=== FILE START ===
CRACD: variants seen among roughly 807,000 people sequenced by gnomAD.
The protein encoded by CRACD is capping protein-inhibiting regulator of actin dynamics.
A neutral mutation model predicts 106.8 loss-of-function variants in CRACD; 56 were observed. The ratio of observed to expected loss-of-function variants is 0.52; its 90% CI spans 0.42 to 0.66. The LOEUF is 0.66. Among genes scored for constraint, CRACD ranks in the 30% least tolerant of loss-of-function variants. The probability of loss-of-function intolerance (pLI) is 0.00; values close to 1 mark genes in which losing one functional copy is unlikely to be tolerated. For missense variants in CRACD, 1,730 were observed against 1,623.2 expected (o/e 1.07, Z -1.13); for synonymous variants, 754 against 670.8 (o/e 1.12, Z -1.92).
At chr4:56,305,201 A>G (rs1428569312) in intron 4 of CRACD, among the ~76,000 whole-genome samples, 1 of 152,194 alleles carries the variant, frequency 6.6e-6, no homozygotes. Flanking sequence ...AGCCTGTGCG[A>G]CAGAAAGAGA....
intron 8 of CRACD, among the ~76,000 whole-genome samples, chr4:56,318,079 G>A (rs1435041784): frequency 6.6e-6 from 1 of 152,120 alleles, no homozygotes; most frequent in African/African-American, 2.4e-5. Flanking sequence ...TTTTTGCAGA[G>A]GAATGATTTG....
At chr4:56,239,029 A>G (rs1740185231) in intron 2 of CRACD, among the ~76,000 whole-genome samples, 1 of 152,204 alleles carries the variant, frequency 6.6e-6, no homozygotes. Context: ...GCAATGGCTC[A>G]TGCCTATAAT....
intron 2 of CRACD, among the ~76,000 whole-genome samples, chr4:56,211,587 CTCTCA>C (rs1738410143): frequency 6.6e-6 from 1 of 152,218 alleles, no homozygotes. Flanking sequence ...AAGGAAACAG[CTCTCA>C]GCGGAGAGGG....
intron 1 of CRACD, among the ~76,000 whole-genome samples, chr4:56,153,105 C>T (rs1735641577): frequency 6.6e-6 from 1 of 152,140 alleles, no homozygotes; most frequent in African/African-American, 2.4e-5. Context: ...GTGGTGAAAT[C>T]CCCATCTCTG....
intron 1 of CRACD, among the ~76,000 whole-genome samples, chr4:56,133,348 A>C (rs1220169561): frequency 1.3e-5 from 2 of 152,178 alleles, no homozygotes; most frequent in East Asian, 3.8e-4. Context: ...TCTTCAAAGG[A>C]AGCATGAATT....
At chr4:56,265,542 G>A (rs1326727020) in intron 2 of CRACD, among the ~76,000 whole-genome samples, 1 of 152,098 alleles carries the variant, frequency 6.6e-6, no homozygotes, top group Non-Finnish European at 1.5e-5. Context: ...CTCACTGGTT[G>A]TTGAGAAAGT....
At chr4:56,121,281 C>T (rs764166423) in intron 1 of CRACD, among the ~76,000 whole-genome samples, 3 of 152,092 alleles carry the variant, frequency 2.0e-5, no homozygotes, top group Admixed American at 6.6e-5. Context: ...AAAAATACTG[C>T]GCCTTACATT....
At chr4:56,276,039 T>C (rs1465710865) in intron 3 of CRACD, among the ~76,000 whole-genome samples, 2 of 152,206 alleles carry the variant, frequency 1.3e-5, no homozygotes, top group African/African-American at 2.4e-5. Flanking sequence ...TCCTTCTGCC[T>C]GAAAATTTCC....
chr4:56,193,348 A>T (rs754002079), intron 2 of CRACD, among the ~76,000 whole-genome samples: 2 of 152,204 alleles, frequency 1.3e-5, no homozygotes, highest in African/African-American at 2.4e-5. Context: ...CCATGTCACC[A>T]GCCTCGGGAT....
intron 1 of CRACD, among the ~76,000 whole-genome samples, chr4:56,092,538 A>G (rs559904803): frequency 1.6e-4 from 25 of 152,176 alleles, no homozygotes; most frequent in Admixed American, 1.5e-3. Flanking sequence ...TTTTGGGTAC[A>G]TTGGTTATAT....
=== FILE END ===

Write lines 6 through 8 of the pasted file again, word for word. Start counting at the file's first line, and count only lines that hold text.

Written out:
At chr4:56,239,029 A>G (rs1740185231) in intron 2 of CRACD, among the ~76,000 whole-genome samples, 1 of 152,204 alleles carries the variant, frequency 6.6e-6, no homozygotes. Context: ...GCAATGGCTC[A>G]TGCCTATAAT....
intron 2 of CRACD, among the ~76,000 whole-genome samples, chr4:56,211,587 CTCTCA>C (rs1738410143): frequency 6.6e-6 from 1 of 152,218 alleles, no homozygotes. Flanking sequence ...AAGGAAACAG[CTCTCA>C]GCGGAGAGGG....
intron 1 of CRACD, among the ~76,000 whole-genome samples, chr4:56,153,105 C>T (rs1735641577): frequency 6.6e-6 from 1 of 152,140 alleles, no homozygotes; most frequent in African/African-American, 2.4e-5. Context: ...GTGGTGAAAT[C>T]CCCATCTCTG....